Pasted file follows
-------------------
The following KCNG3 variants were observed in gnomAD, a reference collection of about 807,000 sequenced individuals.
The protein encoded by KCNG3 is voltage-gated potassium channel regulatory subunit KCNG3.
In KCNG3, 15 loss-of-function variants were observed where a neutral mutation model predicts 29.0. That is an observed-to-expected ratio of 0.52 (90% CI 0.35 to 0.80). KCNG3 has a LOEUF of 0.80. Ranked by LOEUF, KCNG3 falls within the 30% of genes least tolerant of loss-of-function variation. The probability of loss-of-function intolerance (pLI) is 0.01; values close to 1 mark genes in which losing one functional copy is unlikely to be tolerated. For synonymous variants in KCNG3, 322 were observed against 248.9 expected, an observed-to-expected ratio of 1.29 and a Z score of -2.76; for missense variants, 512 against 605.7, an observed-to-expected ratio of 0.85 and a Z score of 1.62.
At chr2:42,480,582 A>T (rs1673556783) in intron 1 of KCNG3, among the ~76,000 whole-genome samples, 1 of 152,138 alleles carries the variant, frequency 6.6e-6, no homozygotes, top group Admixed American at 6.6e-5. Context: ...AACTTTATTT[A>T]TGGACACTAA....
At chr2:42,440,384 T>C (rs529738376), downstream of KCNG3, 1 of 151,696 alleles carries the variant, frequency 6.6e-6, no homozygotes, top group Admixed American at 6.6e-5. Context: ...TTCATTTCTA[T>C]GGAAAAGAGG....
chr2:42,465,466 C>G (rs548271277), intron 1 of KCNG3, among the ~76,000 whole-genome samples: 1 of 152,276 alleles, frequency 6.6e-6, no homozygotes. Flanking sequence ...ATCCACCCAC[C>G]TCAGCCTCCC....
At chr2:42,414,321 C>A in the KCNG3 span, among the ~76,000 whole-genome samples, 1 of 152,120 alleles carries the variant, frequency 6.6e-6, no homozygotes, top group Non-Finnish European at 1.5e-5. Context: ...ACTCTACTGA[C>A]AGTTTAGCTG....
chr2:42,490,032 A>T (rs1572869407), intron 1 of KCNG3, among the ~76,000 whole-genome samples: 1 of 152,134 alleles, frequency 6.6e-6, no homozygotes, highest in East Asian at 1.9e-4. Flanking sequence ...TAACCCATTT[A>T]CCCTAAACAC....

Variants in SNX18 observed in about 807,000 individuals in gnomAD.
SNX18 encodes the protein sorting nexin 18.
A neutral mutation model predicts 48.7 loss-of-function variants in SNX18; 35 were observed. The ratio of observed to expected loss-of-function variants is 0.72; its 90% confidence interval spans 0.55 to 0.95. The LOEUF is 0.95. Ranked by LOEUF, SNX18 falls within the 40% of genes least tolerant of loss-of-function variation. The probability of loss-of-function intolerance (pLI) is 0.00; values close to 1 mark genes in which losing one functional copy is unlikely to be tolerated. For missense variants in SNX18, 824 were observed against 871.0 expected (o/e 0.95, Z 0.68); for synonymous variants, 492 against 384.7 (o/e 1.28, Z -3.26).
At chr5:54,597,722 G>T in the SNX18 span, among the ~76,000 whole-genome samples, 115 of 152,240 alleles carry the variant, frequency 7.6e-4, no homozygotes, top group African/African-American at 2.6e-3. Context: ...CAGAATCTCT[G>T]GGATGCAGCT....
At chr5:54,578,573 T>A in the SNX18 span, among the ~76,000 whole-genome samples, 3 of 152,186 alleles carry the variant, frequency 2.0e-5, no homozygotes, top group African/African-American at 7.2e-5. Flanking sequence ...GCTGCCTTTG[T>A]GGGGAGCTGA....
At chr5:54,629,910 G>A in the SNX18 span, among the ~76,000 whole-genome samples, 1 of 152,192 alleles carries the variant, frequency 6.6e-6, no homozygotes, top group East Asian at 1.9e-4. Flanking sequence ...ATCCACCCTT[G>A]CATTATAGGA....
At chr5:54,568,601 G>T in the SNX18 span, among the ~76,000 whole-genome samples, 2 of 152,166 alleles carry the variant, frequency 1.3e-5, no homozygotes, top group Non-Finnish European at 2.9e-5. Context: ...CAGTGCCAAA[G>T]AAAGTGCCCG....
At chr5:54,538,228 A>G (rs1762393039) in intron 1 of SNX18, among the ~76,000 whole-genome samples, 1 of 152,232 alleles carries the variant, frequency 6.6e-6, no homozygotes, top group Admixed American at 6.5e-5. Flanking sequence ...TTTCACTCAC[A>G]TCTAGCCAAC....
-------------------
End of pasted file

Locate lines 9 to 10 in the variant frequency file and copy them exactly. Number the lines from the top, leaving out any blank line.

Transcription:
Variants in SNX18 observed in about 807,000 individuals in gnomAD.
SNX18 encodes the protein sorting nexin 18.